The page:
The discovery of coffee.
There are a few stories as to how coffee became to be with the most prevalent being the story of the Ethiopian goat herder named Kaldi. In 850AD, he noticed that his goats would dance about after eating a red berry off some trees, so he took these berries and threw them into his camp fire and coffee was born as these berries were coffee cherries.
With Ethiopia being the birth place of coffee, it soon spread to neighbouring Kenya and across the Gulf to Yemen where it was known as Qahwa, or that which prevents sleep. Qahwa originally meant wine but it is where we get the word café and coffee from. It was a punishable offence to export coffee from the country but it was smuggled out by the Dutch and it was planted in Indonesia and from there was cultivated and exported to central and South America. The story of How Brazil got coffee is an intriguing legend. The first coffee bush in Brazil was planted by Francisco de Melo Palheta in the state of Pará in 1727. According to the legend, he was looking for a way to make money out of the coffee market, but could not buy seeds from French Guiana due to the governor’s unwillingness to export them. Palheta was sent to French Guiana on a diplomatic mission to resolve a border dispute and on his way back home, he managed to smuggle the seeds into Brazil by seducing the French Guiana’s governor’s wife who secretly gave him a bouquet hiding the coffee seeds. Brazil went on to become the worlds’ largest producer by a huge distance (about one third of the worlds’ supply).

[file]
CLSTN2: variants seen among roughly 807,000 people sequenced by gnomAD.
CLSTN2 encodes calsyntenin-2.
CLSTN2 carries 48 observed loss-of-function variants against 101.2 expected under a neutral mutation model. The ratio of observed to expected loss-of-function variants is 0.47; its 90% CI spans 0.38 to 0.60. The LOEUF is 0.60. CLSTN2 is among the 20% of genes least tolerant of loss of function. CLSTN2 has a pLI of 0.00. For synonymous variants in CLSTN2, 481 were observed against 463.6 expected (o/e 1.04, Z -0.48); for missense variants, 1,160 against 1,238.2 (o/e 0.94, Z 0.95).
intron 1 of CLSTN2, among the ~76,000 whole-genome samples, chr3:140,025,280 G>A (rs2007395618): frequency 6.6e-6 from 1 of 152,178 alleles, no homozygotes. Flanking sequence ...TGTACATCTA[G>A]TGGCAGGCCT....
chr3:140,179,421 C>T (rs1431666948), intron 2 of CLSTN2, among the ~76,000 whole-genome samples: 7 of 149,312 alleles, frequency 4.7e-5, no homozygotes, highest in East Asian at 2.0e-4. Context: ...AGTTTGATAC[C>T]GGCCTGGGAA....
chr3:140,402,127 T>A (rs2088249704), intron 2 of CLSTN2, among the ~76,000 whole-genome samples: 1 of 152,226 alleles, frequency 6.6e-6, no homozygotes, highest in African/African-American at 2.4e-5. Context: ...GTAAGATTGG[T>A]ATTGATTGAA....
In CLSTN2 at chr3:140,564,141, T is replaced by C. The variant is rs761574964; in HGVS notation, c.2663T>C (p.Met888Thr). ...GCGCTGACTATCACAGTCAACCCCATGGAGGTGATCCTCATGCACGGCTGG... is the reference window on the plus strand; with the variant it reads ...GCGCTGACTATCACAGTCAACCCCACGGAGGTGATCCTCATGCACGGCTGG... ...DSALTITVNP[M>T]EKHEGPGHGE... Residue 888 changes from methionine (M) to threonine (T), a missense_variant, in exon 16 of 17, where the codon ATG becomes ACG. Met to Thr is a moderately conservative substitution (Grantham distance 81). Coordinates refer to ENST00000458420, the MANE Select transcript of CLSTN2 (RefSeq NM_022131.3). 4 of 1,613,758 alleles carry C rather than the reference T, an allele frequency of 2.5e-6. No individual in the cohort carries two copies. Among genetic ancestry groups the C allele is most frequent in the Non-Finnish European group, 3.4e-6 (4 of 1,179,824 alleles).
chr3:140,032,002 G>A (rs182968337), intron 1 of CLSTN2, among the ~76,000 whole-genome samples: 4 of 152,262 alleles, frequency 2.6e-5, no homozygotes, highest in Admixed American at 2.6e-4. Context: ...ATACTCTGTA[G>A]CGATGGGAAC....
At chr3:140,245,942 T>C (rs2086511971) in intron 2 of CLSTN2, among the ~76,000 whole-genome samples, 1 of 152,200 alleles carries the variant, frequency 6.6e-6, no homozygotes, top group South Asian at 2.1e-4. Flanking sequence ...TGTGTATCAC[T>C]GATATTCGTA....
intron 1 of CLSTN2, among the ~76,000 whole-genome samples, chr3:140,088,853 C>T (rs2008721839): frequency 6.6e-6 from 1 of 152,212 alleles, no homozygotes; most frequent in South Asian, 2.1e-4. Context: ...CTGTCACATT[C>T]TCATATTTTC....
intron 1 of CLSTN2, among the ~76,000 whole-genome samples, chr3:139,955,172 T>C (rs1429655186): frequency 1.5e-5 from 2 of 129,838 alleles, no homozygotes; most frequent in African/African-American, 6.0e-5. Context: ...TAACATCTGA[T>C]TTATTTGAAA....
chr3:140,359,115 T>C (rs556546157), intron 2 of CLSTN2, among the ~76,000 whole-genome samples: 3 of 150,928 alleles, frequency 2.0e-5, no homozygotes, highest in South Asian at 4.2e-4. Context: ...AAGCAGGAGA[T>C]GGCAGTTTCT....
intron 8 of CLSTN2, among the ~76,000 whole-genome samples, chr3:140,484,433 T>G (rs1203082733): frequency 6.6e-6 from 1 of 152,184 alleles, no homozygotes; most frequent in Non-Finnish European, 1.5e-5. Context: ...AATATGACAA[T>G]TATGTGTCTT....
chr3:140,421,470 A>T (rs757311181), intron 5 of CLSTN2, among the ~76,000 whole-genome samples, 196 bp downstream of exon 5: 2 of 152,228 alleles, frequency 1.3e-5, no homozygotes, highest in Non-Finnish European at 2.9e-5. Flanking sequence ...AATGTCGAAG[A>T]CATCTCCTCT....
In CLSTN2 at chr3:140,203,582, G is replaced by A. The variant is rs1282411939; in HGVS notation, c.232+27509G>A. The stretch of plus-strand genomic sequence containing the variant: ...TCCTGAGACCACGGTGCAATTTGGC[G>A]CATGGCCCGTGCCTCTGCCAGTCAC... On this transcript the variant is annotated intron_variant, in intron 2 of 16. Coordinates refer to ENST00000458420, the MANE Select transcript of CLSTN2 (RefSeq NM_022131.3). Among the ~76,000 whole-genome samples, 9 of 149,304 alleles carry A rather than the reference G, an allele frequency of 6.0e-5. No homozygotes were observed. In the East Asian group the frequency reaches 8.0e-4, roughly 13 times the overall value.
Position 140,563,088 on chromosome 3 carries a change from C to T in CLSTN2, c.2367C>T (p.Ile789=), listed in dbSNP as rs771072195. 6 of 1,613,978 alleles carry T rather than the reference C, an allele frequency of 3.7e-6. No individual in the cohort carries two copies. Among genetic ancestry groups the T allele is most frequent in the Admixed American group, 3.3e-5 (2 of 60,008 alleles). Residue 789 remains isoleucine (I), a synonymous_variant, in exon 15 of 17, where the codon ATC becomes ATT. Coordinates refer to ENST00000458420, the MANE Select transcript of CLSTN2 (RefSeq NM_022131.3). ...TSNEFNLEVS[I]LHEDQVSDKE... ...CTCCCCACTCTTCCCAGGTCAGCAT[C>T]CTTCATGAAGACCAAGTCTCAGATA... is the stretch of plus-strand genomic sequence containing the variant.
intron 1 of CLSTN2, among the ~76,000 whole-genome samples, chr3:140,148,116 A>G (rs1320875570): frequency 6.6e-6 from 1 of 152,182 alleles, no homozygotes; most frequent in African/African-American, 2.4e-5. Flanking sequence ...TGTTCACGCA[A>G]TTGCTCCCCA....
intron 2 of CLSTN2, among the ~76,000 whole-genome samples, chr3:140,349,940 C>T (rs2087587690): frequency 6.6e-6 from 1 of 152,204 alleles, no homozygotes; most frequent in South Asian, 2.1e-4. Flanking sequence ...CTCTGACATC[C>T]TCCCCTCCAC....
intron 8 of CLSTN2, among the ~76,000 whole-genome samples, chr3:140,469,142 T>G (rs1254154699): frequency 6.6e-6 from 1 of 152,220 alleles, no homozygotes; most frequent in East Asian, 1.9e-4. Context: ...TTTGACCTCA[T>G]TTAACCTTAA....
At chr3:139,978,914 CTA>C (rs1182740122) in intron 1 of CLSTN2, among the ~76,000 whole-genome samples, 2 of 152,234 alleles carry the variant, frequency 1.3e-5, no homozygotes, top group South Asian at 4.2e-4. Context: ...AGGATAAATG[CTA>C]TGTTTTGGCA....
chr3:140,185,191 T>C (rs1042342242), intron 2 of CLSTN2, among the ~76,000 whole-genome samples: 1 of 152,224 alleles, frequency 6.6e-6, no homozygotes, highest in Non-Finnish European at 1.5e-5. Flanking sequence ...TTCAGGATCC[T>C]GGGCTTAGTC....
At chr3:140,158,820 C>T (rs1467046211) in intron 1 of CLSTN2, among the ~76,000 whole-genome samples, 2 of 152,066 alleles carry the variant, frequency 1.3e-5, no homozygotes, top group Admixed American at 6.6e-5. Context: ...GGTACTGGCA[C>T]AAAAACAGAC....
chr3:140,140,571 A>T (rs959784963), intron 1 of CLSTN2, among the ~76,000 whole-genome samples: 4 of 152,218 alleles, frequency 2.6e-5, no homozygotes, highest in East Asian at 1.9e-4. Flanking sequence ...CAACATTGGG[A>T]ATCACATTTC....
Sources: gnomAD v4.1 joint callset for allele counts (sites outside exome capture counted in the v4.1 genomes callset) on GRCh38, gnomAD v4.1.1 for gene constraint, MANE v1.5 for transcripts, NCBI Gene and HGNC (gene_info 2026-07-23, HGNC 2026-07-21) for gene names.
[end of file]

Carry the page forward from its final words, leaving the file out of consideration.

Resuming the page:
In 1457 in Constantinople, it was law that a woman could divorce her husband should he not supply her with a daily quota of coffee…
The name cappuccino comes from the resemblance to the brown cowls or hoods of the Capuchin monks. In Italian, it literally means hooded.
The word Espresso in Italian means “When something is forced out”.
Coffee was the first ever food to be freeze dried.
The top 3 world’s biggest producers are Brazil, Vietnam and Colombia in that order.